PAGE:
Teaching Strategies for Engaging Students, Heritage Room (2nd floor)
Amanda Smothers and Yvonne Johnson, Faculty Development and Instructional Design Center

Students learn best when they are actively engaged in their own learning. Yet creating an environment to encourage student engagement can often seem challenging for both new and experienced teachers. In this session, Amanda and Yvonne will share a variety of strategies to promote student engagement in your classes.

handout | slides

Managing Your Time, Room 305
Lesley Gilbert, Human Resources Services

Do you always feel pressure in balancing your teaching assistant responsibilities and your student responsibilities? This session will focus on techniques and principles of managing your time wisely. Participants will discuss case scenarios and participate in a brainstorming session to deal with resolving issues that hinder managing time effectively.

handout | slides

Providing Teaching Related Support, Room 405
Jim Horn, Department of Chemistry and Biochemistry

Many Graduate Teaching Assistants may not deliver instruction, but provide a variety of teaching-related support in and outside the classroom. This may include conducting lab sessions, grading, tutoring, leading recitations, conducting office hours, and assisting their faculty supervisors and students in many other ways on teaching and learning-related issues. In this session, Jim Horn, recipient of NIU’s Excellence in Undergraduate Teaching award, will offer tips and techniques for fulfilling the diverse tasks required of non-teaching GAs, but any TAs or GAs interested in the session can attend.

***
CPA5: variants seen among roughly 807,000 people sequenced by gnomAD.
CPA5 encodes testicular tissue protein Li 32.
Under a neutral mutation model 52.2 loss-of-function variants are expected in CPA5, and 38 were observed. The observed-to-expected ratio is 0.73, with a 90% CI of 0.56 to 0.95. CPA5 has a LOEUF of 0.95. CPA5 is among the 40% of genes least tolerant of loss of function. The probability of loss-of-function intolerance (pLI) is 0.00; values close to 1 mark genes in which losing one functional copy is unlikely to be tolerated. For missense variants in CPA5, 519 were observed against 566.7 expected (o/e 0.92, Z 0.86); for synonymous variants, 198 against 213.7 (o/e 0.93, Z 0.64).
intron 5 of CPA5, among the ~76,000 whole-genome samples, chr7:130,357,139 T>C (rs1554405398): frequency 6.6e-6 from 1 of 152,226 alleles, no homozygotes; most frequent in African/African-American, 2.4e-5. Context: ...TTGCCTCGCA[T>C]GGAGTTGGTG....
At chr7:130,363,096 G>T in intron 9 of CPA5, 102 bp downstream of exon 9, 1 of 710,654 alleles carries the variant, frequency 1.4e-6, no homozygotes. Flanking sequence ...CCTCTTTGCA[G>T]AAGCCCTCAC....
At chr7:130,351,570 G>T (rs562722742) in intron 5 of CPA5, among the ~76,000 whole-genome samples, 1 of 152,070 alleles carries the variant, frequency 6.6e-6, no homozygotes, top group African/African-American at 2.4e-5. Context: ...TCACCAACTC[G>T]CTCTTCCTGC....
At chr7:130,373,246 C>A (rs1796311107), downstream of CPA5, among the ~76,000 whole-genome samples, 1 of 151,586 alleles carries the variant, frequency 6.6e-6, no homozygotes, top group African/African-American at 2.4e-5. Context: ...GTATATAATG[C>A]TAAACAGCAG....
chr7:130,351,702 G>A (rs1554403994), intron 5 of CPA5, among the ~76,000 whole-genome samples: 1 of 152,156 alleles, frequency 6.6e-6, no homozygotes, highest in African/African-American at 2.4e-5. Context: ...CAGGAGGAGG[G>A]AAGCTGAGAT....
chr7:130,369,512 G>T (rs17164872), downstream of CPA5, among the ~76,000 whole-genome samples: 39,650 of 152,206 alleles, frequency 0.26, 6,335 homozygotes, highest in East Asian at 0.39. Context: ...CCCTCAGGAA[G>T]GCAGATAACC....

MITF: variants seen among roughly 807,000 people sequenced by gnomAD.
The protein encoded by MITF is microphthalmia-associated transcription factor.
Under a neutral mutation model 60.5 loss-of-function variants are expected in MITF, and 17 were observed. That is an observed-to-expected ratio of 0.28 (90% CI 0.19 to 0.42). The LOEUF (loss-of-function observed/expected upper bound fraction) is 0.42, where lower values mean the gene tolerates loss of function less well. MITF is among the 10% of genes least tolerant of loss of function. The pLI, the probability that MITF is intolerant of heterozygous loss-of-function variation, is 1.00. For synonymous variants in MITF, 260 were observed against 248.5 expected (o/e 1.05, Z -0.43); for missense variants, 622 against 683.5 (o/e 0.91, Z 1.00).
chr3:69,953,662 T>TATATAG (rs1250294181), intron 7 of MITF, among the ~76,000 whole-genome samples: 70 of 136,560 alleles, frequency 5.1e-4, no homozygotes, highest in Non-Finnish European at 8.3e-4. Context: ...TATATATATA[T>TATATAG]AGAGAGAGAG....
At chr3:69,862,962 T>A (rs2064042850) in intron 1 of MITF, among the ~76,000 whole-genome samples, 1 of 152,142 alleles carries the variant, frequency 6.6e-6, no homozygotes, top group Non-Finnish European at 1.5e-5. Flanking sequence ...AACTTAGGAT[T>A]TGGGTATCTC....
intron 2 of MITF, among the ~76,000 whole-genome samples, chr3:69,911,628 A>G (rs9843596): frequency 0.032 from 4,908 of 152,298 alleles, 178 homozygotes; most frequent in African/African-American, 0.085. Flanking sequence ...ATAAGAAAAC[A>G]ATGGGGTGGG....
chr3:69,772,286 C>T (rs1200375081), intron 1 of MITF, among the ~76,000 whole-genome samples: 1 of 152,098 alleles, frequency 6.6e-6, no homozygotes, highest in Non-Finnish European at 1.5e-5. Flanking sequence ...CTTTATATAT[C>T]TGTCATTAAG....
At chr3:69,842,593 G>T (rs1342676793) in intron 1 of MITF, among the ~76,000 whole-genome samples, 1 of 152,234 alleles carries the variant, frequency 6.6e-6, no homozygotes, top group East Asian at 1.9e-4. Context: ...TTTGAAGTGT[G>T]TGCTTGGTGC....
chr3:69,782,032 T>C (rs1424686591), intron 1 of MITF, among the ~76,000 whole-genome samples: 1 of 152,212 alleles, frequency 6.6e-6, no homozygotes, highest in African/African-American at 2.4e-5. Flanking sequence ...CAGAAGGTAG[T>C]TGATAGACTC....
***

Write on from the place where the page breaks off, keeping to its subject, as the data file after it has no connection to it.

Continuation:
handout | slides

2:15 pm


Creating Inclusive Spaces in the Classroom, Capitol Room (1st floor)
Joseph Flynn, Department of Curriculum and Instruction

Students can learn and thrive in positive, inclusive spaces. In this session with Dr. Joseph Flynn, participants will spend time exploring inclusive classroom strategies to create spaces of belonging for students. You will develop self-awareness in your position as a Graduate Teaching Assistant and explore ways to eliminate, interrupt. and respond to microaggression experiences.

handout | slides

Managing and Connecting with Students in Large Classes, Illinois Room (2nd floor)
Courtney Gallaher, Department of Geographic and Atmospheric Sciences and Center for the Study of Women, Gender and Sexuality

Teaching large classes effectively requires a set of different strategies and methods than teaching smaller classes. Through careful planning large classes can be an exciting teaching and learning experience for the instructor and the students. In this session, Courtney Gallaher, will present a number of ways to manage tasks, distractions, passive students, and class activities. Come prepared to share and learn ways to be effective when teaching and engaging students in the large classroom setting.

handout | slides

Presenting/Communicating Effectively, Heritage Room (2nd floor)
Judy Santacaterina, Department of Communication

Communication behaviors, both verbal and non-verbal, generally support the declared learning objectives and facilitate student comprehension. However, often without being aware of it, instructors use communication behaviors that can undermine the learning objectives. In this session, Judy Santacaterina, will share strategies for communicating effectively in the classroom and help GTAs to become aware of the communication strategies they use.